Finally, it’s moving!
DEMAND AND SUPPLY - Boo Chanco (The Philippine Star) - September 30, 2020 - 12:00am

When we first discussed transportation projects with Art Tugade before he assumed office, there was a lot of optimism about moving fast starting on day one. Then all the enthusiasm got buried under political meddling and bureaucratic lethargy.

I have all but given up hope on Tugade. Sayang, I said because he seemed so promising. In fairness to him, I still think he was really determined to deliver on projects, but powerful politicians got in the way.

Now with just about two years to go, it looks like Art is on a roll or maybe wants to be on a roll at last.

Art sat on the EDSA BRT projects for four years. A former DOTr undersecretary told me Art got bogged down on the design of the BRT buses. A group of bus suppliers got his ear. It took a pandemic for Art to realize he can temporarily use existing buses, provided he gets the owners to agree to operate as some kind of a consortium.

Art even agreed to go into service contracting just to jumpstart everything, get rid of the boundary system, and get people used to a more organized bus system on our premier bus route.

It is still make-do now. But thanks to businessman Ed Yap’s persistence, the virtual EDSA BRT is proving what we have been saying that something like this will work. Or at least work better than the chaotic old system.

There is still much to be done for EDSA BRT, but at least DOTr and LTFRB are on the ball now… already convinced that a reform of the old bus franchising system for EDSA is necessary. The road engineering part is a work in progress, but that should be easier than getting fossilized minds to see the need for something better.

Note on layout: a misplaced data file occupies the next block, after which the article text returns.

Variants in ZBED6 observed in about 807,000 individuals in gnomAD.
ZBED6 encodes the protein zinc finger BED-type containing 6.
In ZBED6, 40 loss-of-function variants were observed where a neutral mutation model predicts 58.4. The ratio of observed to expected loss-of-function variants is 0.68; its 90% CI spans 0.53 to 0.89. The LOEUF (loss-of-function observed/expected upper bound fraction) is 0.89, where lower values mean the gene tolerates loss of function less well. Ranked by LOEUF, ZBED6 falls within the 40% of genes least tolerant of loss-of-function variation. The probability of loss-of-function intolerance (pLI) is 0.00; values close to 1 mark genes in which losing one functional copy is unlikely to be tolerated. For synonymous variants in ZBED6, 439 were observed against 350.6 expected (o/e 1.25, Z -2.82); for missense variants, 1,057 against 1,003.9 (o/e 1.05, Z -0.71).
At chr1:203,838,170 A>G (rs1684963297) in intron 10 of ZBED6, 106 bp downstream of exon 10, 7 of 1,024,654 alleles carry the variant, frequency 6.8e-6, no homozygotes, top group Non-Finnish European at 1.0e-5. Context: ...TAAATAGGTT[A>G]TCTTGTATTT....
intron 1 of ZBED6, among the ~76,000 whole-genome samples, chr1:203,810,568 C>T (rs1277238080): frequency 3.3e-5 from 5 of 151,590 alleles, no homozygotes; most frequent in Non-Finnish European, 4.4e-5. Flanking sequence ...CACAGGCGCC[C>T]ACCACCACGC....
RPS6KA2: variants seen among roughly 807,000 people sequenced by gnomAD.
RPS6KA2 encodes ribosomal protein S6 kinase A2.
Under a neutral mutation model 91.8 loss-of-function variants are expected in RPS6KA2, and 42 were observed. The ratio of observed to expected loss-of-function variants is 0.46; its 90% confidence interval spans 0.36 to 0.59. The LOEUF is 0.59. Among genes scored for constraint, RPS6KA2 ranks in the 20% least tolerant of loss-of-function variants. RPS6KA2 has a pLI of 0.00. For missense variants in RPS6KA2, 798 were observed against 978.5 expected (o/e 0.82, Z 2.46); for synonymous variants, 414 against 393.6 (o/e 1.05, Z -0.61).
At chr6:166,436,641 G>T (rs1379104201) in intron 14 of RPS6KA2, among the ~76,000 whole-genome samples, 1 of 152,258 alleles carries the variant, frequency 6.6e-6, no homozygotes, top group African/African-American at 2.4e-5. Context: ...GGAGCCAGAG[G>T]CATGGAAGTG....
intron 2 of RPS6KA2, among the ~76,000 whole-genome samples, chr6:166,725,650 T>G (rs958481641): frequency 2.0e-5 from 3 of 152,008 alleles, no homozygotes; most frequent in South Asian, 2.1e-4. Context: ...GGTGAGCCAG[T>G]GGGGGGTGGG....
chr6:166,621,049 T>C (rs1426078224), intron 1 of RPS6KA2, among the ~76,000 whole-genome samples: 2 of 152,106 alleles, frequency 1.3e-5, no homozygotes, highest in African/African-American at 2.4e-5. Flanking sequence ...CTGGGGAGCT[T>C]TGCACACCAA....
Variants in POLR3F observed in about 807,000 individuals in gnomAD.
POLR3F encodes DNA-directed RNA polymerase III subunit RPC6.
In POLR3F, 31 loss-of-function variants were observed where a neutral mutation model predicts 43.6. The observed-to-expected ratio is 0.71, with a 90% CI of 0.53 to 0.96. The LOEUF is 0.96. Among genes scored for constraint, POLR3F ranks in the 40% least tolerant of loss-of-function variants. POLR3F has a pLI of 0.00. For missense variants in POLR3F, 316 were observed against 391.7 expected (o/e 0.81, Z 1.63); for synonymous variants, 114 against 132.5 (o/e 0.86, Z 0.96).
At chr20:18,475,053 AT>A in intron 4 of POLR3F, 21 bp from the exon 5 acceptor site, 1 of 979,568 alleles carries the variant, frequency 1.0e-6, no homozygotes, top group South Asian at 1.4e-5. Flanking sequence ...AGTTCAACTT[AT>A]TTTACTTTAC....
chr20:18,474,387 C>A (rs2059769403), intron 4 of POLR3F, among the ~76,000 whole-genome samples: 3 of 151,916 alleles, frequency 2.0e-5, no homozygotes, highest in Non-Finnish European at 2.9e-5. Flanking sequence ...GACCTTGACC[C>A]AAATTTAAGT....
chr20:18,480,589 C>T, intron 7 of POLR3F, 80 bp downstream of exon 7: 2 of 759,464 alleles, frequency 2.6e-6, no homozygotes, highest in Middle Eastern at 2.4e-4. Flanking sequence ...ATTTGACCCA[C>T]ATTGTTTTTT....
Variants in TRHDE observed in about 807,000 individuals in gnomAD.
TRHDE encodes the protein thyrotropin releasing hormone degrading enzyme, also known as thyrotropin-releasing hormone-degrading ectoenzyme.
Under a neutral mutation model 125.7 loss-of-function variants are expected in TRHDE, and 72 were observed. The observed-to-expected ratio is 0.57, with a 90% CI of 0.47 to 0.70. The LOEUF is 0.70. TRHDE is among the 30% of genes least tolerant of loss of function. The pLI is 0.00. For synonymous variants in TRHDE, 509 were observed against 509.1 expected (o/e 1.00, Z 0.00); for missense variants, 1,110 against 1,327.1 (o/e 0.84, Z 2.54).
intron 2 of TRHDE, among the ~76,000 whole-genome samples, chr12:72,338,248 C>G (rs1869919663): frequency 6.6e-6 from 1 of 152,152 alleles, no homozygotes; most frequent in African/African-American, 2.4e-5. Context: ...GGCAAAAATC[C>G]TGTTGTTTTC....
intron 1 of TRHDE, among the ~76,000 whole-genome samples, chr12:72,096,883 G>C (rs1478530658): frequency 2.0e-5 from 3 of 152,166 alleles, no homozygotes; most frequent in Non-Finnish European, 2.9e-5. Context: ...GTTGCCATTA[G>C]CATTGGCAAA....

Unfortunately for Art, Duterte appointed a policeman and not a professional train system manager for LRT-2. A station burned down over a year ago and it has not been repaired. Commuters from Marikina and Antipolo continue to suffer from the lack of service.

Art should prioritize getting LRT-2 going from the extension that should be completed by now and the damaged station. Then extend it all the way to the densely populated Cogeo area in Antipolo. That’s how to serve the working class.

It is interesting to note that the old tranvia system in the 1930s reached Antipolo from Manila. We are just getting back what we used to have.

The really good news from Art this week is his announcement that the contracts to build the NorthRail all the way from Malolos to Clark have been awarded. The contracts were awarded to highly reputable contractors. They should be able to move as fast as right of way is made available.

The first notice of award was issued for Contract Package N-01, which covers 17 kilometers of elevated rail viaduct, seven balanced cantilever bridges, and two station buildings in the towns of Malolos and Calumpit in Bulacan, and in the towns of Apalit and Minalin in Pampanga.